Every fall, a number of students from various disciplines within the Theatre Department step off the stage and out of the wings to take on a new role- director. The Directing I class primarily focuses on how to interpret a text, collaborate with artists from all realms, lead a rehearsal process, and combine all of these skills to put together a 10-minute play.
The class is taught by faculty member, Richard Perez, who began his career in the theatre as an actor. Perez says he discovered his passion for directing, “…more by chance. Other actor friends who needed somebody to look at, maybe a monologue, or a scene they’re working on, I would look at it for them. They would come back and say, ‘hey, you kind of know what you’re doing’ and I always enjoyed it. I also always enjoyed being in the classroom, and I knew being a teacher would be my long term goal, but I wanted to be the best actor and theatre person I could be before I came to that.”
While being novice directors, the students found that their backgrounds in theatre have given them a better idea of their personal expectations. “I like to think of the director as the hub of communication for a production,” says junior Victoria Ward. “They have to be able to speak all of the languages necessary to bring everyone together successfully, so for me having backgrounds in acting, lighting and stage managing means that I can speak their language better to help convey the designer’s idea. It also helps me when I’m thinking about aspects like blocking. How will the lighting, costumes and set influence my actors? What should I be asking of my stage manager, knowing what their job entails?” The directing class also discovered that their particular emphasis of study has given them a certain focus for their work in direction. Senior Nils Fritjofson says, “Coming from a primarily technical background has definitely caused me to focus more on the practical side of directing; so I think more about scheduling, how people are entering, where props are going, and the location of scenic elements, than most people.”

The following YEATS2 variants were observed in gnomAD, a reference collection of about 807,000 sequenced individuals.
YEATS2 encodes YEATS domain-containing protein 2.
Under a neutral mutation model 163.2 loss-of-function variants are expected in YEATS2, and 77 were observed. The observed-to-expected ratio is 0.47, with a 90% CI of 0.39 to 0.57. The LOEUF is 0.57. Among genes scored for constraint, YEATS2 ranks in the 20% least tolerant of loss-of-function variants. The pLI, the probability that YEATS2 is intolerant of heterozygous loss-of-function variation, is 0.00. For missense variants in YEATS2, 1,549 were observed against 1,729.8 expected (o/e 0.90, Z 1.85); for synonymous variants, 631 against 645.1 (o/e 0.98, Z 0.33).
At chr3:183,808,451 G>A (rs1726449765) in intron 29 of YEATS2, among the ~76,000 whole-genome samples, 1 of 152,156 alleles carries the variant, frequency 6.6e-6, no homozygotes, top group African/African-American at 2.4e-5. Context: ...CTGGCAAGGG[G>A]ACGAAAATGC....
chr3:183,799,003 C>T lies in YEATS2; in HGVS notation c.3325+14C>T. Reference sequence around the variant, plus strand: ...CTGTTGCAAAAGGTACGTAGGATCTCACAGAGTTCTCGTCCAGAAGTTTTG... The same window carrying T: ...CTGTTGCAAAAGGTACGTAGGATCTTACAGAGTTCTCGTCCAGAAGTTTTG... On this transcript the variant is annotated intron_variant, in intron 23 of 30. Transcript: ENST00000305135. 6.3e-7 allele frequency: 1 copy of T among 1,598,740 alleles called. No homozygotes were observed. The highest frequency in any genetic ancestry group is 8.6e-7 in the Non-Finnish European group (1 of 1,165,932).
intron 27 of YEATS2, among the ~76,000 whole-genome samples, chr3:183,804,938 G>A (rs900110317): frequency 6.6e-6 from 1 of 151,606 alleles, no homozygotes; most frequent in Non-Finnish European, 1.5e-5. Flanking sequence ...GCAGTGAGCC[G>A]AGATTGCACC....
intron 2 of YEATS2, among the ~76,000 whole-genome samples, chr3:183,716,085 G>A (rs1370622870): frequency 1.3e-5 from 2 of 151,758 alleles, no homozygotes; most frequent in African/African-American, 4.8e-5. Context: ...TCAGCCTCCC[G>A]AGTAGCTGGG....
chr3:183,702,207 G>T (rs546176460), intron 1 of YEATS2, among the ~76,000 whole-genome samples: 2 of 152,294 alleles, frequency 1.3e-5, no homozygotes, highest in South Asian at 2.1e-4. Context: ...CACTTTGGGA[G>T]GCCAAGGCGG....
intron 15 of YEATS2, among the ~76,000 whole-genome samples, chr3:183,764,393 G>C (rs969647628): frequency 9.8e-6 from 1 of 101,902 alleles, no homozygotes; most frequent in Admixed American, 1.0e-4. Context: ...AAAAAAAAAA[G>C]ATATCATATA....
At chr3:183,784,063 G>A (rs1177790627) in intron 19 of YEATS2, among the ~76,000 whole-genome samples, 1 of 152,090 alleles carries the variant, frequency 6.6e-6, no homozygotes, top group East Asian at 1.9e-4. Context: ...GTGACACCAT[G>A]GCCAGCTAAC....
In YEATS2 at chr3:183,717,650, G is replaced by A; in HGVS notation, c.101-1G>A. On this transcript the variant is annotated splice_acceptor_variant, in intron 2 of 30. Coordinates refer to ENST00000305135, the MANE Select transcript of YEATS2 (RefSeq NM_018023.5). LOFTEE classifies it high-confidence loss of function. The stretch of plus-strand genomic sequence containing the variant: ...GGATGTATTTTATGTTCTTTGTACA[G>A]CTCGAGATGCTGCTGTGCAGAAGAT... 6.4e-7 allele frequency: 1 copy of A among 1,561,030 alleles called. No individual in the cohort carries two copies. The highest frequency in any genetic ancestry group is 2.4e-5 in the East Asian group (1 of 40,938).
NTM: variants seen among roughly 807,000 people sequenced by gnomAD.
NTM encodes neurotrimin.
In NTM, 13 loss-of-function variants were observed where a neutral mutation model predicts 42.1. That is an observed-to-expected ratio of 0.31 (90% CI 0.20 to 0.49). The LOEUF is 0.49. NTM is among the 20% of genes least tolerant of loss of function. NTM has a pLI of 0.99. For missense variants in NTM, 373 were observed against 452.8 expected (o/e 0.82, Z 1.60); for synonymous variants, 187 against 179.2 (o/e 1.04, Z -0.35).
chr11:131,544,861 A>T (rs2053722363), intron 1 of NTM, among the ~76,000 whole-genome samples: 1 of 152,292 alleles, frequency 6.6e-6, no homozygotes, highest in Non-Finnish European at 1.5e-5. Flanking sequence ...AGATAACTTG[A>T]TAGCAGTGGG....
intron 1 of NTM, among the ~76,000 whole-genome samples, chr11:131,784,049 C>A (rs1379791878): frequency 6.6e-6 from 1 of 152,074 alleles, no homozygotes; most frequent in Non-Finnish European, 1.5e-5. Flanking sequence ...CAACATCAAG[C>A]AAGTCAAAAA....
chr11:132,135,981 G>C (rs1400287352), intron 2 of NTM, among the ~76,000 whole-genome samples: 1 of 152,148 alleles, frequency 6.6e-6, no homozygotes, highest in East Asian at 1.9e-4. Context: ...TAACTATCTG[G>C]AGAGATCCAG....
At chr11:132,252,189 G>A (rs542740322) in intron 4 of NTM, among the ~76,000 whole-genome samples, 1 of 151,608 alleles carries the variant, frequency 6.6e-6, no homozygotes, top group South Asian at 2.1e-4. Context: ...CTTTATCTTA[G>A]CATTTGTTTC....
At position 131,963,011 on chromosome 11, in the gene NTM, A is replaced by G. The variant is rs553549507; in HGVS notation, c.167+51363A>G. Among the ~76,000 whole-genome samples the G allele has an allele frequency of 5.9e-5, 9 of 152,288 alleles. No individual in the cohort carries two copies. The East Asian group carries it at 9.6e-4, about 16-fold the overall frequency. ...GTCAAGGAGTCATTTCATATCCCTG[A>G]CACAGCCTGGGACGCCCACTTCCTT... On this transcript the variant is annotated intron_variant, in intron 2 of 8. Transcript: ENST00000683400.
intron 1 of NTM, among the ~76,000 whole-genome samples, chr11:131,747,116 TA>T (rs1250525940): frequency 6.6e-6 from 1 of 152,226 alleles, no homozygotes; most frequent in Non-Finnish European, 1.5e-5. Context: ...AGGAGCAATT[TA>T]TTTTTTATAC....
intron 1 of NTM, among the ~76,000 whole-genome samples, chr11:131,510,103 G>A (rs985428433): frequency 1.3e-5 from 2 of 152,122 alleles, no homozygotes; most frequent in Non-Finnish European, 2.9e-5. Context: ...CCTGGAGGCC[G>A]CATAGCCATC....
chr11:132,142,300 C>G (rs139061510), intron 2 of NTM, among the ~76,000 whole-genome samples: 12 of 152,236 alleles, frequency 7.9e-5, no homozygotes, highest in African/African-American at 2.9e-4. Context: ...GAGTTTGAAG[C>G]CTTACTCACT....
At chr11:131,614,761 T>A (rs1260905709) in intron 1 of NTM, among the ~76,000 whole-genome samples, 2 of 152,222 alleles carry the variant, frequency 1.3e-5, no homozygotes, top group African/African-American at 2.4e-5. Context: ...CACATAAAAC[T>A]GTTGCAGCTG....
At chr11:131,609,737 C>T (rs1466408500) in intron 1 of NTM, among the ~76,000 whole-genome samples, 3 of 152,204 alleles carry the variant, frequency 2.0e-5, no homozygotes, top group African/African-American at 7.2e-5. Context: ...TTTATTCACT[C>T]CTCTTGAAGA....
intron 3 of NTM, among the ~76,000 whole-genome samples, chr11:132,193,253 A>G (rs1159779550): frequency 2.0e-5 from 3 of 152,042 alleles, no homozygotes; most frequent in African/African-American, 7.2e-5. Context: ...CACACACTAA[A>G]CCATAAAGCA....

Before jumping into directing their own productions, the students had the opportunity to work with the Acting I class. They were each assigned two Acting I students and a scene to direct. Victoria Ward says, “I was very excited because I thought I was going to feel similarly to when my friends and I would work on monologues before auditions, and I was very wrong. All of a sudden I felt like a new parent with this child to raise.” While this was an entirely different experience for the Directing I class, Perez says that at this point in the process they usually realize that, “They know more than they think do. Everything you’ve experienced as an actor, that comes back to mind, and you have to trust your instincts. I think it takes a long time to do that, as any creative person knows, but more often than not I think we have really good instincts and we have to pay attention to them.” Ward explains that she gained more confidence in herself as a director as the rehearsals continued. “Once I established how I wanted to go about the process and started working with them and asking them the big questions so that they could be the ones to make the decisions, I think we all felt more comfortable.”
Having finished working with the Acting I class, the students are now tackling their 10-minute plays, which they have already chosen. Perez urges his students to find a work that really speaks to them. “If they just think it’s funny or it’s cute or it’s intense, and if it’s not really something that they feel they can uniquely tell, then why do it?” The students of course all have different things they looked for when choosing their piece. Nils Fritjofson says, “I was looking for a scene with an interesting and unusual premise, that would still be relevant to an audience our age. Scripted, the piece that I chose, follows a young couple struggling with life’s meaning after discovering a script of their entire day on their nightstand.”
After the students selected their plays, the next step in their storytelling experience was casting. Perez tells his class that the most important thing to look for while casting is, “…actors who take direction well. You may have an actor who comes in and auditions really well but then you get into the rehearsal process and they’re pretty much stuck in that place, which certainly doesn’t serve the piece. It’s important to really work with them to see if they can listen.” Perez also urges his students to look for actors who have chemistry with each other, and who know how to be good scene partners.
Directing I is truly a unique course for theatre majors, as it is often the area of theatre that students have the least experience in. Through the process, Fritjofson says he has learned that, “…directing a scene is a journey that the director and actors go on together, and one that involves a lot of trial and error. Discoveries are shared experiences. Establishing an open space where failure is okay and ideas are encouraged allows for discoveries to occur more often and more naturally.”
Performances for the 10-minute plays will take place this Monday, November 21st and Tuesday, November 22nd at 7:00pm in the DeWitt studio theatre. Both performances are free of charge.